BT is facing the threat of its first national strike since 1994 in a dispute with unions over job losses, pay and conditions.
The Communication Workers Union plans to hold a consultative ballot next month which could lead to a vote early in the new year on whether to take industrial action.
Officials said that the union was making the move because of an “increasingly aggressive” approach from BT’s management and warned that if progress was not made in negotiations with the company there was a “very real prospect” of a strike.
Dave Ward, general secretary of the CWU, said that BT was embarking on a “vicious programme of compulsory redundancies, site closures and attacks on pay, terms and conditions”.
The prospect of a strike is the latest problem for BT, a former state monopoly. Privatised by Margaret Thatcher in 1984 the FTSE 100 telecoms group owns EE, the mobile network, Openreach, Britain’s main broadband infrastructure provider, and BT Sport.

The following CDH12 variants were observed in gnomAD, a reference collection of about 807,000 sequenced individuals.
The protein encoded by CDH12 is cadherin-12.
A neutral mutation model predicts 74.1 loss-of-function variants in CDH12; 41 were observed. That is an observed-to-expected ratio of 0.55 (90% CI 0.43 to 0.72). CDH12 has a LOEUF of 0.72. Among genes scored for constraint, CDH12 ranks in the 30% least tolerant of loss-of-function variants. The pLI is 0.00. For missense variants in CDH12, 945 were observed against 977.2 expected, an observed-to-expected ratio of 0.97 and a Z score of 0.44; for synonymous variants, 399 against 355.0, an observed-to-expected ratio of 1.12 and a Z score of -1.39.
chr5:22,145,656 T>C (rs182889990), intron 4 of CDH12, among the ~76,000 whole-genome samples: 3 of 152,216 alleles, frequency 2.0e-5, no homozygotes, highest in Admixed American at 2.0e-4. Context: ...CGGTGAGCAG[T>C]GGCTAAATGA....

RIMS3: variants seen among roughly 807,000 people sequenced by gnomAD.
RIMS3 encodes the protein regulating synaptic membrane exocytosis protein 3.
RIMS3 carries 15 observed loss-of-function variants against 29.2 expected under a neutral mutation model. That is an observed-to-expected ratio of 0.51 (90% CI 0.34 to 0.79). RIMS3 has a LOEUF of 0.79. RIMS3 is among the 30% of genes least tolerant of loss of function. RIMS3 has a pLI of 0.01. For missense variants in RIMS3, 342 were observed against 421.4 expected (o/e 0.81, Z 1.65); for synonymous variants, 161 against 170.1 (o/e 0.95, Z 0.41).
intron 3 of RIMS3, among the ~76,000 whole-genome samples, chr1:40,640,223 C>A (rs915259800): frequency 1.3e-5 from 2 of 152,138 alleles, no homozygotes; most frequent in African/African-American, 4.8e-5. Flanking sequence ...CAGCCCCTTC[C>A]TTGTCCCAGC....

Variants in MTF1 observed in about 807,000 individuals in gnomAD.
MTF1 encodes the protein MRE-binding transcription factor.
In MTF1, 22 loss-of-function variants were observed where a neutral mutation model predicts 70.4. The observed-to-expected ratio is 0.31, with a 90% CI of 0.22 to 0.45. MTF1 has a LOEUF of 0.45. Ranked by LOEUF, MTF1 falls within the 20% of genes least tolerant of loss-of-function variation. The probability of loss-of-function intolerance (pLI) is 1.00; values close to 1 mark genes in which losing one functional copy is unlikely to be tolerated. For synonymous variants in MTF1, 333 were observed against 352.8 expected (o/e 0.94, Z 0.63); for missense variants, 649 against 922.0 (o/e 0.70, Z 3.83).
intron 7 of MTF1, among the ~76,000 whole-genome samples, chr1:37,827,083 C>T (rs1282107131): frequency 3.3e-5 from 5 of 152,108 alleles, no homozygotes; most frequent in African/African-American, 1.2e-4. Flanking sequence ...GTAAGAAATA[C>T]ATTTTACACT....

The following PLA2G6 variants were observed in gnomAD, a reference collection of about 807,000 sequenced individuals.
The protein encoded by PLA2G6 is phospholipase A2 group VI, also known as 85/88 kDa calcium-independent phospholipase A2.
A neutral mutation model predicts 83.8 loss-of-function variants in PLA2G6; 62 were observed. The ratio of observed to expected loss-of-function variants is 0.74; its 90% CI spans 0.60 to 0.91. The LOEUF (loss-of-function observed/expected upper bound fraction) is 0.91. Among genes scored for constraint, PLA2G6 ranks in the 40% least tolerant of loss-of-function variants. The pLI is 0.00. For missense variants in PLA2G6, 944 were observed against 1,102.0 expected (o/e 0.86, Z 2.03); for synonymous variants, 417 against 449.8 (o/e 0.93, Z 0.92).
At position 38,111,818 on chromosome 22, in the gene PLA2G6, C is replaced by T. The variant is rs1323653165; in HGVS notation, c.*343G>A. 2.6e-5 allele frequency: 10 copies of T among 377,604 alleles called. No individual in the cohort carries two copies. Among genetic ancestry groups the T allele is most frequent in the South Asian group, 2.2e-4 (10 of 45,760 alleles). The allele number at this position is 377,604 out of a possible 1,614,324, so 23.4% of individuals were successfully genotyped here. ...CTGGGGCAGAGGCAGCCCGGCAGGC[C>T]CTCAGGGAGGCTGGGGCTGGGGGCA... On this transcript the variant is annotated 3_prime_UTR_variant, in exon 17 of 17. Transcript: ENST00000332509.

Led by Philip Jansen, its chief executive since February last year, BT is in the middle of a “radical” restructuring as it seeks to modernise by investing in new 5G and full-fibre broadband networks.
The pressures of increased competition and the suspension of its dividend have pushed BT shares close to ten-year lows and prompted reports that Goldman Sachs had been helping to bolster BT’s takeover defences.
This year BT completed the first phase of a £1.6 billion restructuring ahead of schedule and reduced its workforce by a net 9,000 to about 100,000 over the two years to March. It is also cutting the number of sites from about 300 to 30 and is relocating from its headquarters near St Paul’s Cathedral in London. The number of full-time equivalents also fell by 3,600 in the six months to September as it introduced a hiring freeze.
A spokesman for BT said that the restructuring would result in a smaller staff in five years’ time, largely through natural wastage, as it attempts to improve productivity and efficiency.